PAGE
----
Experts or computers? Trends in the changes of library using habits

NAGY Attila

Könyvtári Figyelő (Library Review) vol. 16 (52) 2006. no. 4.

The study follows up on the preliminary report published in the Könyvtári Figyelo (Libraries, computers, reading. A quick report on the results of a survey conducted by the National Széchényi Library and TÁRKI Social Research Centre, 2006. no. 1.). In 2005 the Social Research Centre initiated a national questionnaire survey in co-operation with the Reading Research Department of the National Széchényi Library’s Library Institute. The sample consisted of 3674 persons. While the report has drawn attention to general trends, this study digs deeper, and describes the trends in the changes of readers’ attitudes to library use.
Changes have occurred – as compared with the data gathered in 1964, 1985 and 2000 – not only in the habits of library use, but in those of acquiring books as well. On the whole, the number of adults reading one book per year has decreased to 40 per cent, and the number of adults lending books from the library has sunk to its third in the last forty years. Nowadays for most people the sources of acquiring books are the family library and bookstores. The proportion of books received as a gift is substantial. As regards gender and age, women and young adults take a leading position.
The author examined the alterations of library use from the point of age, qualification, place of living, as well as from the point of the frequency of library visits, and the scope of using different library services. In 1985 44 per cent of adults were library patrons, by today this number has decreased to 12 per cent. The frequency of library visits, too, shows a decreasing trend. The biggest user group is that of young adult learners aged 18 to 29.
While the proportion of computer and Internet users has increased, 80 per cent of non-readers are not using computers either. The majority of regular readers are using both computers and the Internet. The growth of cultural advantages and disadvantages does not promote equal chances, rather it leads to a further social divide.

Relationship between using libraries, computers and the InternetPÉTERFI Rita

Könyvtári Figyelő (Library Review) vol. 16 (52) 2006. no. 4.

The article (its first part see in: Könyvtári Figyelo, 2006. no.1., as above) shows – relying on data of a survey carried out by the National Széchényi Library and the Social Research Centre TÁRKI in autumn 2005 – how the habits of using libraries have altered in Hungary with the advent of information and communication technologies (ICT).
With the help of some matrices, the author outlines the relationship between library membership, services, library visits and using computers and the Internet. The author puts the question: “Are Pierre Bourdieu’s theses on cultural capital, and on the incorporated cultural capital – its accumulation and transmission – relevant also in 21st century Hungary?“
It is clear from data that the problem described in literature as digital divide or digital gap is present also in Hungary. With the accumulation of cultural goods the advantage of people who have access is growing further against those who have not. The reason why this distance is widening is that the privileged group can develop further at a quicker pace than the disadvantaged, consequently the divide gets wider as well. The disadvantages are especially significant in the population of small communities.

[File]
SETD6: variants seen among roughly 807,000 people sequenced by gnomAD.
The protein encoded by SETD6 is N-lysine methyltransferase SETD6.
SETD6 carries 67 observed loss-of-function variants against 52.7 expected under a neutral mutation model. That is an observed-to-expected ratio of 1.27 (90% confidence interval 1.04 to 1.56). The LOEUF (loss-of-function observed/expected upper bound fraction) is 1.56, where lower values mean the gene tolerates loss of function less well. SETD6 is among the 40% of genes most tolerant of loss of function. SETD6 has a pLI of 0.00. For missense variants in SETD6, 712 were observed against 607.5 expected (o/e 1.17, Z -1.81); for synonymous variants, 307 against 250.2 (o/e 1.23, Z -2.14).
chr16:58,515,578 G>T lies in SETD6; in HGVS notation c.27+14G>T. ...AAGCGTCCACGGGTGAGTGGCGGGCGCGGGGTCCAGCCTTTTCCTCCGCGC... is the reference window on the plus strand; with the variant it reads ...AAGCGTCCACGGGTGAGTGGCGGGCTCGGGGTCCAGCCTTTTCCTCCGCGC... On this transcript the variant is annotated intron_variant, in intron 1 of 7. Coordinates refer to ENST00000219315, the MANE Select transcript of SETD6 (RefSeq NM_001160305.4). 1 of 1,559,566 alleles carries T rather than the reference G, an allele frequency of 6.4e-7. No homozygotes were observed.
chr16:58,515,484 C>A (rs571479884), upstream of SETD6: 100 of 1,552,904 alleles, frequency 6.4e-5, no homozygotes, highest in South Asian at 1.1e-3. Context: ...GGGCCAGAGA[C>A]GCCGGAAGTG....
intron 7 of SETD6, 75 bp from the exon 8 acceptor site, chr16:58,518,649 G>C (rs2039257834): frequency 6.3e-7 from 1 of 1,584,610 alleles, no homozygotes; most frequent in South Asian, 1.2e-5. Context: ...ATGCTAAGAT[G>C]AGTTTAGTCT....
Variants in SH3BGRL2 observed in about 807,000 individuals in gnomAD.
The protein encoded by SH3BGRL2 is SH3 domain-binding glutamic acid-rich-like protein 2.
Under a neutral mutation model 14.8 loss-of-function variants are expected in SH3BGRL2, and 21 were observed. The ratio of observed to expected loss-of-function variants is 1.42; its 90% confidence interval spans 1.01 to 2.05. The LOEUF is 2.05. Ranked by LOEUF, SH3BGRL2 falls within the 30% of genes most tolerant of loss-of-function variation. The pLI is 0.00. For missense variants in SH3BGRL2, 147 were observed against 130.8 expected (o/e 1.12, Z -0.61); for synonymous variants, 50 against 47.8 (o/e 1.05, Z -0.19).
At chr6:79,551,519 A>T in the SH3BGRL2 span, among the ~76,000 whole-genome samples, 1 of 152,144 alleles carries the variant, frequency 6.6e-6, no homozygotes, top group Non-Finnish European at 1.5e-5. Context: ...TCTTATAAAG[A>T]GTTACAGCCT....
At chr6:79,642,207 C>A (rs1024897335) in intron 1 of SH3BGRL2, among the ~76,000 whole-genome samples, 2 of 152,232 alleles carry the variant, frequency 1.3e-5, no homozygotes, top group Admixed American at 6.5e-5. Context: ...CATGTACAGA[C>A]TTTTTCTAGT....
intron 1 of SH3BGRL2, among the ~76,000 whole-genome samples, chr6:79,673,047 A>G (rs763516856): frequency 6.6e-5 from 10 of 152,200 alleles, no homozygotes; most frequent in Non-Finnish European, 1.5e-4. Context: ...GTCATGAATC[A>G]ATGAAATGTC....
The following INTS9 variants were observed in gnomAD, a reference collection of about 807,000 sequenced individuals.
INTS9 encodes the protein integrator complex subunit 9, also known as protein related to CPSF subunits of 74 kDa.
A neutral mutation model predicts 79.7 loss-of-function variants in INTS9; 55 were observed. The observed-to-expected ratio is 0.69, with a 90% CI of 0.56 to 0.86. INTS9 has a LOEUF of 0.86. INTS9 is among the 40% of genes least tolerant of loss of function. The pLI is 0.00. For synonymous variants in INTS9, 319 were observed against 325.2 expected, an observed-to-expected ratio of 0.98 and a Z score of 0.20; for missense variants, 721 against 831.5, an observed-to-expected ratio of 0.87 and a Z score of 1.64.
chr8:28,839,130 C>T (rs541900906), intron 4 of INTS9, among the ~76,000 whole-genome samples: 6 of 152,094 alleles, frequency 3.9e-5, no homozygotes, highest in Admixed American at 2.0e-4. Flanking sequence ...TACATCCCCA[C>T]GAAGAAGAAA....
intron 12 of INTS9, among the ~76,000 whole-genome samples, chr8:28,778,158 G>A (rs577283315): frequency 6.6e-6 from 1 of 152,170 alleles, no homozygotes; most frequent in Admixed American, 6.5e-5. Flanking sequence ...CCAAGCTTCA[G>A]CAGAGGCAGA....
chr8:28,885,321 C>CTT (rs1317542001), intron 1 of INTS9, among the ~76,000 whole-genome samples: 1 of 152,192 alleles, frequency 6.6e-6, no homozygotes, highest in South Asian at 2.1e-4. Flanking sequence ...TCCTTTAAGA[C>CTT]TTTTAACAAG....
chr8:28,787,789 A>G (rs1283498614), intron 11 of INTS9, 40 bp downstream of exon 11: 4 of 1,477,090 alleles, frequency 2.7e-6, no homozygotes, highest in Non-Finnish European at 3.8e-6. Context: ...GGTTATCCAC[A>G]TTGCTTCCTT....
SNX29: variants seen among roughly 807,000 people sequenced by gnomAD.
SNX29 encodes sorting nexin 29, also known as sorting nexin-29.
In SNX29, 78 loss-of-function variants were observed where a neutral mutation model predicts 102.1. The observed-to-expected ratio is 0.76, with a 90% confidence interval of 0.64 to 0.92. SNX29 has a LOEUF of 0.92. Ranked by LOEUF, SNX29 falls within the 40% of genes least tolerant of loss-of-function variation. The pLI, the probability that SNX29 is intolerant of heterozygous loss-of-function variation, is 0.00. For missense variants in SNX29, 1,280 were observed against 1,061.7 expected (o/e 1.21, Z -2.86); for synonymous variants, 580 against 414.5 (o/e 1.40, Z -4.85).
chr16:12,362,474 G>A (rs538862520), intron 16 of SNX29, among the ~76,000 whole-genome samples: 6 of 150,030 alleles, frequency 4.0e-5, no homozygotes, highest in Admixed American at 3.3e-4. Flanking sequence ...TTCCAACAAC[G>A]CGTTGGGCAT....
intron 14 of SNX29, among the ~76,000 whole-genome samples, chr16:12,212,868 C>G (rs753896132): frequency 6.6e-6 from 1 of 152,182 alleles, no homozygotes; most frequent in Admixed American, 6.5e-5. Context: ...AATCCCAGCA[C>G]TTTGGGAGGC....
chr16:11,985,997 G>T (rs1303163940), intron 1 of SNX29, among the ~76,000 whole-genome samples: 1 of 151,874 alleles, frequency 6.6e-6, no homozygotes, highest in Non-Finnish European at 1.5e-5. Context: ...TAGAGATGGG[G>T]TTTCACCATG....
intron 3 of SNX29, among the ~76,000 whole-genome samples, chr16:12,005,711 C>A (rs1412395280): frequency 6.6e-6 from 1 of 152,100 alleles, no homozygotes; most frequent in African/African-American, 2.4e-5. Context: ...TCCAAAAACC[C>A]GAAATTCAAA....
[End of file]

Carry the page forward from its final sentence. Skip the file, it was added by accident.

Digital library issues in LIS education in Jászberény and in Szombathely


Könyvtári Figyelő (Library Review) vol. 16 (52) 2006. no. 4.

The study analyses, how digital library issues are represented in the courses of LIS education in Hungary, particularly at the Szent István University’s Applied Philological Faculty (in Jászberény) and at the Berzsenyi Dániel College (in Szombathely).
The authors have followed the method of Bawden, Vilar and Zabukovec, comparing education and training for digital librarians in Slovenia and the UK.
As first, the Hungarian authors have defined the differences between electronic, virtual, digital and hybrid libraries. Based on the definition of the digital library they conclude that this theme should be discussed together with electronic library issues. The analysis of training programmes has shown that digital library issues are also included in other courses (e.g. in those for information brokers, school librarians, or on Internet resources and collection development, etc.).
In Jászberény the course Electronic libraries can be chosen as an optional one, and three courses of the Information broker module include also digital library aspects.
In Szombathely archiving techniques were studied already in the early nineties, since 1996 within the courses The Internet and Internet resources (later Web editing); now the digital library-related themes are part of the Electronic library course. Within the frame programme Information broker a special course was started under the title Digital content provision.
Digital library issues are present in both institutions’ programmes. As this theme is continuously developing and changing, it is very important to regularly adjust the content of courses and training to actual needs and international trends, and to take into account the practice of digital and electronic libraries in Hungary.

Handbooks on librarianship in Hungary: history and selected texts


Könyvtári Figyelő (Library Review) vol. 16 (52) 2006. no. 4.